Data analysis

All data in this study are presented as the mean ± standard deviation (SD). Differences between two groups were compared by an unpaired t test. Differences in multiple groups were analyzed using one-way ANOVA with Tukey’s post hoc test using SPSS 22.0 software. P < 0.05 was considered significant.

Availability of data and materials

The datasets used and/or analyzed during the current study are available from the corresponding author on reasonable request.

Abbreviations

3β-HSD:

3β-hydroxysteroid dehydrogenase-14-15 isomerase

17β-HSD:

17β-hydroxysteroid dehydrogenase

AMPKα:

AMP-activated protein kinase α

ASC:

Apoptosis-associated speck-like protein

APDC:

(2R,4R)-4-aminopyrrolidine-2,4-dicarboxylate

ATP:

Adenosine-triphosphate

BTB:

Blood-testis barrier

caAMPKα:

Constitutively active AMPKα

DPI:

Diphenylene iodonium

ESR:

Electron spin resonance

ECL:

Electrochemiluminescence

FBS:

Fetal bovine serum

HFD:

High-fat diet

H&E:

Hematoxylin-eosin

IL-1β:

Interleukin-1β

miR:

MicroRNA

MMP-8:

Matrix metalloproteinase-8

MOI:

Multiplicity of infection

MDA:

Malondialdehyde

NLRP3:

Nucleotide-binding oligomerization domain-like receptor with a pyrin domain 3

NF-κB:

Nuclear factor-kappa B

NADPH:

Nicotinamide adenine dinucleotide phosphate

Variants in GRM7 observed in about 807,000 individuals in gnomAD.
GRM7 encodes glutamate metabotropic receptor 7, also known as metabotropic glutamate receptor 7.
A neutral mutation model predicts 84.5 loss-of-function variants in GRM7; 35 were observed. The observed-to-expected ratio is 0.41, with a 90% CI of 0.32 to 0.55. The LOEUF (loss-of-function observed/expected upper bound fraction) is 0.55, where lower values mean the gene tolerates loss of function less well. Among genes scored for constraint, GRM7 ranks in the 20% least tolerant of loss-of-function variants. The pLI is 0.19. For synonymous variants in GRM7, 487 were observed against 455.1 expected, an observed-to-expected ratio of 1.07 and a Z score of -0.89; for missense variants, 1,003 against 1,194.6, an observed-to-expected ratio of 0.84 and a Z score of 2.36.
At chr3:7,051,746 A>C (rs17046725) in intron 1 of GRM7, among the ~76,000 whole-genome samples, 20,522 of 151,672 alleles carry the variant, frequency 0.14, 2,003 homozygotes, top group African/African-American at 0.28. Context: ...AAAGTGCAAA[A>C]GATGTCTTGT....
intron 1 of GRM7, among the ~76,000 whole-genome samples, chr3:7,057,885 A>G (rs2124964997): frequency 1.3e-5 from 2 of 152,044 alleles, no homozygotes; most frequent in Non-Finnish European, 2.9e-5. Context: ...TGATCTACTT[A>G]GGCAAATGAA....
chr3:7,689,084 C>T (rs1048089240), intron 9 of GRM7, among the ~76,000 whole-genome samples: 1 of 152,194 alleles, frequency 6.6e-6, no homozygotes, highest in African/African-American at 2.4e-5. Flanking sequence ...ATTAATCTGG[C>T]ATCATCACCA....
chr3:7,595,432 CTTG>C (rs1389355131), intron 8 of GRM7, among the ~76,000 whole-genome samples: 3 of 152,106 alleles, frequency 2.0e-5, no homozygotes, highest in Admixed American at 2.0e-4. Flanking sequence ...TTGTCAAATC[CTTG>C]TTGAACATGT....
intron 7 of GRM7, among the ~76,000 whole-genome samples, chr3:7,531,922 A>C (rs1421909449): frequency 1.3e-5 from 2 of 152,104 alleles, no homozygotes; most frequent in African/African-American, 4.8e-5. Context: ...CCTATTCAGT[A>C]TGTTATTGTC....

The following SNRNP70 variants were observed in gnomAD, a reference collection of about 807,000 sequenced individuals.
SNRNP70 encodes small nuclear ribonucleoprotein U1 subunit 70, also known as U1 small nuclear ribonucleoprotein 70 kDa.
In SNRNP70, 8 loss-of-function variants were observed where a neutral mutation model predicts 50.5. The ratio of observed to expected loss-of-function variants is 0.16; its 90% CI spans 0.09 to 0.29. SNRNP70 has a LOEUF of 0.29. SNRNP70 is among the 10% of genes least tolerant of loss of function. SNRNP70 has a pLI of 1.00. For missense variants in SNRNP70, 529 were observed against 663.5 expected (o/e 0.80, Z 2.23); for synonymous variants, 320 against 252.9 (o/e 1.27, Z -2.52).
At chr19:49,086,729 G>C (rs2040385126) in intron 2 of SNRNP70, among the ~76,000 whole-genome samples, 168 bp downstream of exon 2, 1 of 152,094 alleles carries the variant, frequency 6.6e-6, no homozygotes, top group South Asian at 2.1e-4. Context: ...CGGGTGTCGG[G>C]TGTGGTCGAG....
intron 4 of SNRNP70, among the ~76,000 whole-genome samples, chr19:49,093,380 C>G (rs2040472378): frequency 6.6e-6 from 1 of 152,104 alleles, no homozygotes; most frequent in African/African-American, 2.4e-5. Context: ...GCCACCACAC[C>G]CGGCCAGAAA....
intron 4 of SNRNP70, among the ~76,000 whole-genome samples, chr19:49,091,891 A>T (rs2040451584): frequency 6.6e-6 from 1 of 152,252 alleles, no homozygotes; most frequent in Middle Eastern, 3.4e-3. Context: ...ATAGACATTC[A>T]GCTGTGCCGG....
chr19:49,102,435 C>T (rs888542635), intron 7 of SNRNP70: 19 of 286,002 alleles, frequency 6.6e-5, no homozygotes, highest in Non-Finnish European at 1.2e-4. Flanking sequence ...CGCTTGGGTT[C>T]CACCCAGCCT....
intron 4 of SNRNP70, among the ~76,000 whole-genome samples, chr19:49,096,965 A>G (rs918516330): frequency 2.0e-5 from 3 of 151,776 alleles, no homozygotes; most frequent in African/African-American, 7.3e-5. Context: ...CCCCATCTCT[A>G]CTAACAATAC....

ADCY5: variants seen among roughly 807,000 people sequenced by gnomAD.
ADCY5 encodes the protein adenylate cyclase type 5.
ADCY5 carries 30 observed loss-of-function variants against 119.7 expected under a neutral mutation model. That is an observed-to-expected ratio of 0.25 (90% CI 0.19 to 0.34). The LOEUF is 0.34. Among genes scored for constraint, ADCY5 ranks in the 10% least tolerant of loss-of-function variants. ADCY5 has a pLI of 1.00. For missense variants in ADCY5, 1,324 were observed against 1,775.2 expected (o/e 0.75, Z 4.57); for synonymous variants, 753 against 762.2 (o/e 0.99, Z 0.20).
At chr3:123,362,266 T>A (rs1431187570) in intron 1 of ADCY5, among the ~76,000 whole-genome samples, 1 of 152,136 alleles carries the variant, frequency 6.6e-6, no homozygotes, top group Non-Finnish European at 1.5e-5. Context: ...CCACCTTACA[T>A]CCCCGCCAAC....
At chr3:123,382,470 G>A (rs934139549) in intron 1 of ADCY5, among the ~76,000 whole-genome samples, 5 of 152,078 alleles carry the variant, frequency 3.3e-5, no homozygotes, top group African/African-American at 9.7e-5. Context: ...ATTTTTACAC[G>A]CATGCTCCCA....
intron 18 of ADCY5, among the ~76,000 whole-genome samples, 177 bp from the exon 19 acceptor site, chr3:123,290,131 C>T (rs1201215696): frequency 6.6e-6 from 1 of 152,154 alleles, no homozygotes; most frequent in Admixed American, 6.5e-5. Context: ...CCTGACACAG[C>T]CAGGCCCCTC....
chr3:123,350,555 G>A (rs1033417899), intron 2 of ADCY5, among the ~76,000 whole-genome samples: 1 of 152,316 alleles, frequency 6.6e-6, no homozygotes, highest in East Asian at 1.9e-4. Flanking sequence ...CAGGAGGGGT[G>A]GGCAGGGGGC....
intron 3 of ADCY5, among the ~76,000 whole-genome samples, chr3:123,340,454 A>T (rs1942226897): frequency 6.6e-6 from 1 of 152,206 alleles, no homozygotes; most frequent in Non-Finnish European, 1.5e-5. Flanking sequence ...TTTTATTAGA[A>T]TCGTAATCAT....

NC:

Negative control

NAC:

Nacetyl-L-cysteine

NOX4:

NADPH oxidase 4

PA:

Palmitic acid

P-ACC:

Phospho-acetyl-CoA carboxylase

P450c17:

17α-hydroxylase/C17-20 lyase

ROS:

Reactive oxygen species

SC:

Sertoli cell

siNLRP3:

SiRNA targeting NLRP3

SD:

Standard deviation

StAR:

Steroidogenic acute regulatory

WT:

Wild type

References

  1. Krausz C, Riera-Escamilla A. Genetics of male infertility. Nat Rev Urol. 2018;15(6):369–84. https://doi.org/10.1038/s41585-018-0003-3.

    CAS  Article  PubMed  Google Scholar 

  2. Kort HI, Massey JB, Elsner CW, Mitchell-Leef D, Shapiro DB, Witt MA, et al. Impact of body mass index values on sperm quantity and quality. J Androl. 2006;27(3):450–2. https://doi.org/10.2164/jandrol.05124.

    Article  PubMed  Google Scholar 

  3. Bieniek JM, Kashanian JA, Deibert CM, Grober ED, Lo KC, Brannigan RE, et al. Influence of increasing body mass index on semen and reproductive hormonal parameters in a multi-institutional cohort of subfertile men. Fertil Steril. 2016;106(5):1070–5. https://doi.org/10.1016/j.fertnstert.2016.06.041.

    CAS  Article  PubMed  Google Scholar